• beatlesfan1942 says:

        I think you credited it just fine. :) I have certainly been called “matter-of-fact” my whole life, so it’s good that you can tell that from my blog. That certainly sums up my personality. :) It’s true that there is often a lot of complexity when it comes to people talking about (or writing about) their childfree decision. I think it’s because there are so many stigmas and people are afraid to just admit how they feel. I just “liked” the Why No Kids Facebook page so I’ll check it out. Thanks for the suggestion!

  2. It’s so ironic that you write this, and quoted that passage, because I was thinking about that same issue last week when a friend of mine, who had always said they didn’t want kids told me they were pregnant. I wondered if I would one day change my mind, and the more I thought of it, the more I believe I don’t think I will. 

    There are numerous reasons I don’t want kids, but I think the two major ones are a) the world is so insane right now, I really don’t want to bring a kid into it and b) I really don’t have the desire — dogs are perfectly fine. :)  

    • If only I’d written it while SUP-ing, right? (BTW, great stand up paddle boarding touts this weekend, Michelle! Meant to respond, from our board, but gravity kept winning…)

      I’m familiar with the “I’ll never have kids” latter day converts. Often they fit into the “Ooops!” category, and decide to let destiny take its course. I’ve had many of those moments when I reflect and question my choice, most notably when my brother fathered two splendid daughters. And yet, no matter how perfect my experiences are with my nieces and my nephews, I still come back to the same conclusion each time. Not for me. Maybe I’ll never be able to articulate precisely and concisely why, but the conviction endures. At least so far! ;-)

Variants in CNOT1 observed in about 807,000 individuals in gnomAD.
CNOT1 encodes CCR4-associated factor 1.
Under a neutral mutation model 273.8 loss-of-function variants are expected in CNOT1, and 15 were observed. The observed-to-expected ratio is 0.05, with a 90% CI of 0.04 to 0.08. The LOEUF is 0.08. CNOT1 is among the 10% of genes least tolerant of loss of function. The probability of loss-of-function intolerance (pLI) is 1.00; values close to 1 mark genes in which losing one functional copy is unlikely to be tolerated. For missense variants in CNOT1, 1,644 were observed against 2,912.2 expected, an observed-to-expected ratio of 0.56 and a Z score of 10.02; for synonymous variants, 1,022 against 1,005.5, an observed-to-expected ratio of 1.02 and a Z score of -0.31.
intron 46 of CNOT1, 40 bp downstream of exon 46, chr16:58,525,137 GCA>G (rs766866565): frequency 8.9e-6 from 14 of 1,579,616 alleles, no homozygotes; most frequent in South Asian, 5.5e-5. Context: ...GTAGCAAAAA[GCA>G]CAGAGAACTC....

I agree with the two reasons you mention. The world is grand in so many ways, and I’m an optimist of pallyanna-ish proportions, but I totally agree with “insane world ergo no kids” logic. Maybe some day we’ll look back and say, remember how sane things were in the early 21st century… Who knows?!?!

      Thanks for sharing your perspective! Look forward to more.

  3. I was always open to having children, and it was something I assumed would happen when I got married. Once I was married, the timing never seemed right. It wasn’t that my husband and I were focused on careers or travel or some exciting non-child lifestyle but, rather, we were just really happy in our relationship. The thinking was always, “Sure, kids would probably enrich our lives, but our lives are pretty great now without them. Why mess with that?” This mindset has continued throughout our marriage (18 years in June).

    • “Why mess with that?” Amen! Sort of like my logic for not getting tattooed or pierced. ;-) Lucky enough that all systems are working properly, why risk fouling it up?!?! Thanks for chiming in, Jill!

  4. Bridget Widget says:

    When I was a kid all the young girls were psyched to be babysitters, “best job ever” so they said. I babysat one night. It was so not for me. I then spent my teen years creating my own crafts and varying decorative collections selling them in my Mothers shop and craft circuit. Much more lucrative than babysitting :) and I truly loved it. I adore children and my nephews are awesome but having a child hasn’t fallen on my to do list yet and I really do not believe it will.

    • beatlesfan1942 says:

      I babysat once (and only once) too and it was horrible! LOL

    • I love the thought of young, entrepreneurial @e571e66a3ae0ec8dc78b4636d6871f38:disqus crafting and marketing and profiting from the same energetic, can-do wellspring that we all have come to enjoy and appreciate as an adult. Have I told you lately how great you are? Oh, and how much we’re going to miss you in the Adirondacks?!?! Thanks for chiming in. All four of us love kids too, perhaps all the more because they’re somebody else’s… Cheers!